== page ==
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How To Set-Up Correctly a Small Business' Chart of Accounts

03 Jul 2017

| Author: FAS

FAS specializes in small business bookkeeping and tax services. We work closely with small businesses in Katy, Fulshear, Houston and nearby areas. Call us for Free Consultation: 832-437-0385 .






Starting a small business requires making important financial decisions that help you plan and manage your business properly. Setting up a good chart of accounts is a large part of your business’s financial plan; it will pay dividends by allowing you to access accurate financial data with just a few clicks of a mouse, and it can be done in-house or hired out to bookkeeping services.
 
Setting up your chart of accounts
 
Your chart of accounts can be thought of as a file for all of your financial information; it lists your company’s account names and is step one in setting up your bookkeeping system. Which accounts you decide to put in your chart of accounts depends upon your business.  For example, an inventory account is only needed for companies that sell products, and not for service businesses.
 
Account categories 
 
Balance Sheet
 
The chart of accounts will be used to journal all of the business’s transactions and there are five main categories of which accounts can belong: assets, liabilities, revenue, expenses, and owner’s equity. You are setting up your chart of accounts so that it will mirror the format of a company balance sheet.
 
Your asset category outlines what your company owns.  Assets are listed starting at the most liquid assets (cash, accounts receivable, inventory) and then fixed assets (buildings, equipment, vehicles), and a depreciation account that will show reductions in value of those assets.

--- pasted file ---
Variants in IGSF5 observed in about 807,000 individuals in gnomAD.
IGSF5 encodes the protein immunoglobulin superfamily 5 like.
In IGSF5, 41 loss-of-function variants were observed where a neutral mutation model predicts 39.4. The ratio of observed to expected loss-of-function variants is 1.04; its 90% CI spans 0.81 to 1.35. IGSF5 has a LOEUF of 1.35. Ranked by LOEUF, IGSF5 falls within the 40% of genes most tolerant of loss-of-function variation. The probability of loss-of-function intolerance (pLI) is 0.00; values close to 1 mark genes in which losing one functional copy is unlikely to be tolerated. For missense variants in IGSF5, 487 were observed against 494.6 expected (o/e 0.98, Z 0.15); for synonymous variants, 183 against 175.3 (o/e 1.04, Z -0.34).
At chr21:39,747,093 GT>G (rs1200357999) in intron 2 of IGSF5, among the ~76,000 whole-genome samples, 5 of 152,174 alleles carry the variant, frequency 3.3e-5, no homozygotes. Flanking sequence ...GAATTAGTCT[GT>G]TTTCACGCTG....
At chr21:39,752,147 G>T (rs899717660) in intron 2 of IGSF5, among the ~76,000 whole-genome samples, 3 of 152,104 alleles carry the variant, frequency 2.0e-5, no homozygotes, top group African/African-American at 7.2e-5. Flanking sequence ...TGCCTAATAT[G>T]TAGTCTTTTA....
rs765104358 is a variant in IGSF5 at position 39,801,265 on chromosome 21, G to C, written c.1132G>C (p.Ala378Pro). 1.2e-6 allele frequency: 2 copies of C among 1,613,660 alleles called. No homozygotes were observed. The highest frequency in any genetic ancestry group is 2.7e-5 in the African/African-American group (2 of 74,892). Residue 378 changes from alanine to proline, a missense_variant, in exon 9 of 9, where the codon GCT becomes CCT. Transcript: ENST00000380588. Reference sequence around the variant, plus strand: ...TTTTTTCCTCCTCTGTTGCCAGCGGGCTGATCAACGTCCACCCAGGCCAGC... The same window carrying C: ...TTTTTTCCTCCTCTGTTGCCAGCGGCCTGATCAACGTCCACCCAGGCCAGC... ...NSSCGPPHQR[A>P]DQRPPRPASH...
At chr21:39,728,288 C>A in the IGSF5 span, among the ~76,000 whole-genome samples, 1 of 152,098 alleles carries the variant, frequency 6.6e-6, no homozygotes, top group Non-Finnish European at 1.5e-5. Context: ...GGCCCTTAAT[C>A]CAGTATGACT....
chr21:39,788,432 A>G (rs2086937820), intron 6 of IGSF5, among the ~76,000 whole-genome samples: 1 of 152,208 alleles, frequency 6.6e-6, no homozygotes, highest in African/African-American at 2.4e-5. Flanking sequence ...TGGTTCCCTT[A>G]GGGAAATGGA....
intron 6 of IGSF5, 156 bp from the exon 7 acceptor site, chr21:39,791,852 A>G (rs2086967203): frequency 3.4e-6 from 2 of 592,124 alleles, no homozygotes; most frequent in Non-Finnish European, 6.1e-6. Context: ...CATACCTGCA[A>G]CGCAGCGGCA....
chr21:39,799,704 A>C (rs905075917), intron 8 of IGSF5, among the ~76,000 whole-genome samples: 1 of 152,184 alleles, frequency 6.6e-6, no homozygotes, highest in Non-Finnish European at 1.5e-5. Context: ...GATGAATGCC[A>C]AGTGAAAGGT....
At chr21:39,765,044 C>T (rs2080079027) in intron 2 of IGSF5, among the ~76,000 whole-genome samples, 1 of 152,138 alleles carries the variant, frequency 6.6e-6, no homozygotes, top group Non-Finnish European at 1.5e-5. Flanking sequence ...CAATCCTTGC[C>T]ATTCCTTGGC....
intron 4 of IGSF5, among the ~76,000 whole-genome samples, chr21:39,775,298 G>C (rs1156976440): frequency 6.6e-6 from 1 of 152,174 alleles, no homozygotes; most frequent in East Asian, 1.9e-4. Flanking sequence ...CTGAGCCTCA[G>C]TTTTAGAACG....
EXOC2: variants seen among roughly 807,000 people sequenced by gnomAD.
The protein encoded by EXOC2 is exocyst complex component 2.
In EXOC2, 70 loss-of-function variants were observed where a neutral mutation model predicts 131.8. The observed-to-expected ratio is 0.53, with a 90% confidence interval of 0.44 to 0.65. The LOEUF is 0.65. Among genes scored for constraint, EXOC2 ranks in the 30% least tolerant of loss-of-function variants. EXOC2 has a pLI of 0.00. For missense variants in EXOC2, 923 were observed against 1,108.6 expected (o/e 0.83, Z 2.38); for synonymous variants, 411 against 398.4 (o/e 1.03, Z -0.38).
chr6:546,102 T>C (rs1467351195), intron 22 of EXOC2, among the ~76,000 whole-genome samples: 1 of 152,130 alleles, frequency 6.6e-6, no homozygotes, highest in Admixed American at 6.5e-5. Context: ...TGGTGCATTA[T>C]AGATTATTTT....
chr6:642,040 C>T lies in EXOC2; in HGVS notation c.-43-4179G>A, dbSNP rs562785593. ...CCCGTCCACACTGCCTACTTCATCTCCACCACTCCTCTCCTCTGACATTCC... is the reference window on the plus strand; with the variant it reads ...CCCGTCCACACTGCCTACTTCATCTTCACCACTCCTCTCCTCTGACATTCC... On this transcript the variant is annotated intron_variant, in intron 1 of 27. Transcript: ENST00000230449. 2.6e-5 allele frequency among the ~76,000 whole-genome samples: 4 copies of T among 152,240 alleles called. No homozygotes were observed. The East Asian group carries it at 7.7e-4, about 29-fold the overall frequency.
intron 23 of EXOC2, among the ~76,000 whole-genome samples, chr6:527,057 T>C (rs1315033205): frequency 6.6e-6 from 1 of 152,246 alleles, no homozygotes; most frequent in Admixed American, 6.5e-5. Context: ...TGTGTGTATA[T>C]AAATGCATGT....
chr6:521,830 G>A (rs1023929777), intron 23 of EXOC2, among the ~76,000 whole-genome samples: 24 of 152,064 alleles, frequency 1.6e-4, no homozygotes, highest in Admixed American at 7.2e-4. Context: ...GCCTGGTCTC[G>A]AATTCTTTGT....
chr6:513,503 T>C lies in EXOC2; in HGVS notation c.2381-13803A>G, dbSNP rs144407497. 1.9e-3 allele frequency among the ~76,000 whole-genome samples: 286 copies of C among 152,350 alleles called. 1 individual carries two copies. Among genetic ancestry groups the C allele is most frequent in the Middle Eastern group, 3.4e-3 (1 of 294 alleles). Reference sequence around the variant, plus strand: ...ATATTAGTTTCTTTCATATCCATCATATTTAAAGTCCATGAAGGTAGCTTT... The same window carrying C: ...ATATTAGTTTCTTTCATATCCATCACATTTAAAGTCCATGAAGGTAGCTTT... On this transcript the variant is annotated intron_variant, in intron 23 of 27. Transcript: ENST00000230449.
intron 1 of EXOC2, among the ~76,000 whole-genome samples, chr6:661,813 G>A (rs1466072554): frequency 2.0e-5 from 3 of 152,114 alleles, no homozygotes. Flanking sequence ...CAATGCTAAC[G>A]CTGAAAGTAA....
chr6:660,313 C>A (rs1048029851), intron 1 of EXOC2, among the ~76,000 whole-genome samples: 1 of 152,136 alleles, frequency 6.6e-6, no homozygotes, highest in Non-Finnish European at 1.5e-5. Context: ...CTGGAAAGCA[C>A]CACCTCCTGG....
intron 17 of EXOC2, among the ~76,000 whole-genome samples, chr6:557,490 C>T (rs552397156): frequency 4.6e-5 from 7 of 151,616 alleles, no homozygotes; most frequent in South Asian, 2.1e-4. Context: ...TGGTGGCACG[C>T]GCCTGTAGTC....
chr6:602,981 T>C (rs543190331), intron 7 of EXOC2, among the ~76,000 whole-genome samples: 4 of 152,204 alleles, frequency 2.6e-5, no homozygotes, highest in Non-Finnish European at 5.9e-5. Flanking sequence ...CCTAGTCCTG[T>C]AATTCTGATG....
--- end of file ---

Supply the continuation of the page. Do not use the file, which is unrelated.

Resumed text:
Liabilities track what your company owes and are listed starting at short term or current liabilities (accounts payable, sales tax, payroll tax, wages owed) and then your long-term liabilities (such as SBA loan).
Owner’s equity denotes the owner’s investment in the business. Later, you might have investors and need accounts for stock and retained earnings for profit that is reinvested into the company.

Profit & Loss
 
Revenue accounts show sales revenues and other income for your business. You typically need an account for discount and one for sales returns and refunds as well. There will also  costs of goods sold or cost of services or direct costs incurred in providing the product or providing the service. 
 
Expenses are the final category.  Many companies use the IRS Schedule C tax form to set up this category. Your tax preparers will be happy about this as it makes it much easier at tax time.
 
That is really all there is to it, though the task may at first seem daunting. This chart of accounts will keep your books clean and your data quick at hand whenever you need it. Outsourced bookkeeping services can help keep you on track and your expenses and other transactions coded perfectly if your chart of accounts is clean and easy to use.


We help you plan, forecast and analyze your financial data
so you can get on top of your finances today to grow your
small business big tomorrow.

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